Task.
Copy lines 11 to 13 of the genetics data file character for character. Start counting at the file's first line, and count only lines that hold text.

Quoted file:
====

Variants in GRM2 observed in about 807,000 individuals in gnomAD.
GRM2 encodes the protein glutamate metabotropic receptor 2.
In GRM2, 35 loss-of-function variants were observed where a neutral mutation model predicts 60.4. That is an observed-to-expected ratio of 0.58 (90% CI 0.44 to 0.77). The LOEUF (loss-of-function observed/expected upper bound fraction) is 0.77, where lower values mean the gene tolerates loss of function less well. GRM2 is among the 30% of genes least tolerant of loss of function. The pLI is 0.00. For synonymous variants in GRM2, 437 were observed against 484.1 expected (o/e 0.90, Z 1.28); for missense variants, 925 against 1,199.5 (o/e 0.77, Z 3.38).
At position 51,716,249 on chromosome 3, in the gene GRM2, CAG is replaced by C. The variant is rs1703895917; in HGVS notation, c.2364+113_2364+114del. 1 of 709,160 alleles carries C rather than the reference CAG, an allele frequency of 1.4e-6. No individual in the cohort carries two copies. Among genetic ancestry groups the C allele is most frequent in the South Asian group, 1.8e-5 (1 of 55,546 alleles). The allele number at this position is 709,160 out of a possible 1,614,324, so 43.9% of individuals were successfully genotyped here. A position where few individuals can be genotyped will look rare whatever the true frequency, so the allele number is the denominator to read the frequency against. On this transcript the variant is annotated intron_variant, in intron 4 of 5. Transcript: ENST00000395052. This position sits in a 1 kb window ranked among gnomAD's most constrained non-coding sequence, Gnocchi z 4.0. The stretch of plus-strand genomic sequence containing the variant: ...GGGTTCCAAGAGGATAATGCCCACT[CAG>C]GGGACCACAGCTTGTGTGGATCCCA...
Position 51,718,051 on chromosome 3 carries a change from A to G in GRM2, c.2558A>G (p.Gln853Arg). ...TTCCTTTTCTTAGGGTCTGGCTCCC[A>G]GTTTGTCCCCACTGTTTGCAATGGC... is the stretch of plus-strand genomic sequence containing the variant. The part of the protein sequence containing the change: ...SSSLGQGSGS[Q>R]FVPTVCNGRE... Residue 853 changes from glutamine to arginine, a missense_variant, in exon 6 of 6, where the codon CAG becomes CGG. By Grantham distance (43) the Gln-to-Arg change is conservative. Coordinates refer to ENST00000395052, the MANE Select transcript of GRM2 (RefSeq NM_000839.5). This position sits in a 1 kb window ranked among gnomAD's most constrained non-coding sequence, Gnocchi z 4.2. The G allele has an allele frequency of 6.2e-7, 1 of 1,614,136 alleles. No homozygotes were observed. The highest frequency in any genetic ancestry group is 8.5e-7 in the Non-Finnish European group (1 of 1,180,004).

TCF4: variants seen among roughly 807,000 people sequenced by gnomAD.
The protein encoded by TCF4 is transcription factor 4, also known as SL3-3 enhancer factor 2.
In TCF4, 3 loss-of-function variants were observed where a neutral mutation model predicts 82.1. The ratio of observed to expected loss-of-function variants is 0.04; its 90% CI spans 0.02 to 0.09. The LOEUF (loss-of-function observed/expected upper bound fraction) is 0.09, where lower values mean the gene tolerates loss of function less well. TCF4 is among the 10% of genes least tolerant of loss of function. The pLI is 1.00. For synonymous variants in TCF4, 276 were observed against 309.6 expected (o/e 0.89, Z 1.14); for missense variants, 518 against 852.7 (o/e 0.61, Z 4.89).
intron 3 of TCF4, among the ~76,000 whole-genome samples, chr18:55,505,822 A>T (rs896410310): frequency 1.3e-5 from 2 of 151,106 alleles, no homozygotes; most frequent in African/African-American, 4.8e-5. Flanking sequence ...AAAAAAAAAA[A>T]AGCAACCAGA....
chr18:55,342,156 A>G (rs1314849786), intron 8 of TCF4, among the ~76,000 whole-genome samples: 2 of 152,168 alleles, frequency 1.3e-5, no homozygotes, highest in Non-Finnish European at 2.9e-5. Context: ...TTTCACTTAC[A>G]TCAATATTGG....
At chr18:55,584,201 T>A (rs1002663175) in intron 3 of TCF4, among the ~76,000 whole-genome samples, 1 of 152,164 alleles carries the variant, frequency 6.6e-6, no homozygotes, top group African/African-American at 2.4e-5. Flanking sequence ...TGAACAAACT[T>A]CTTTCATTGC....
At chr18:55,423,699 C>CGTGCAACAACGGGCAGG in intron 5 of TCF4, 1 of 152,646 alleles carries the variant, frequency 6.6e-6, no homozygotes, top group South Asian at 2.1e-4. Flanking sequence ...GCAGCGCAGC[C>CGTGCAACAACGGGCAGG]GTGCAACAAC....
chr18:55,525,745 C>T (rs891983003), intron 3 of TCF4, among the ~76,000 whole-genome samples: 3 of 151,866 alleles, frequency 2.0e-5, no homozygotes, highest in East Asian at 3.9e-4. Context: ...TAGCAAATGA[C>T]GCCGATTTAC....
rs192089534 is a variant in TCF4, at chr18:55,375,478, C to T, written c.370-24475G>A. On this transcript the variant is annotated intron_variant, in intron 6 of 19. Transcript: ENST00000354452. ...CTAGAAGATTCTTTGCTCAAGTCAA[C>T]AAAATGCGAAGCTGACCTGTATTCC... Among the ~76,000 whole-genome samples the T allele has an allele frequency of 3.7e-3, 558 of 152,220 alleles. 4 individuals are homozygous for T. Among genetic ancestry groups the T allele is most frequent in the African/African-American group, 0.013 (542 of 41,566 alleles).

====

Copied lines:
At chr18:55,584,201 T>A (rs1002663175) in intron 3 of TCF4, among the ~76,000 whole-genome samples, 1 of 152,164 alleles carries the variant, frequency 6.6e-6, no homozygotes, top group African/African-American at 2.4e-5. Flanking sequence ...TGAACAAACT[T>A]CTTTCATTGC....
At chr18:55,423,699 C>CGTGCAACAACGGGCAGG in intron 5 of TCF4, 1 of 152,646 alleles carries the variant, frequency 6.6e-6, no homozygotes, top group South Asian at 2.1e-4. Flanking sequence ...GCAGCGCAGC[C>CGTGCAACAACGGGCAGG]GTGCAACAAC....
chr18:55,525,745 C>T (rs891983003), intron 3 of TCF4, among the ~76,000 whole-genome samples: 3 of 151,866 alleles, frequency 2.0e-5, no homozygotes, highest in East Asian at 3.9e-4. Context: ...TAGCAAATGA[C>T]GCCGATTTAC....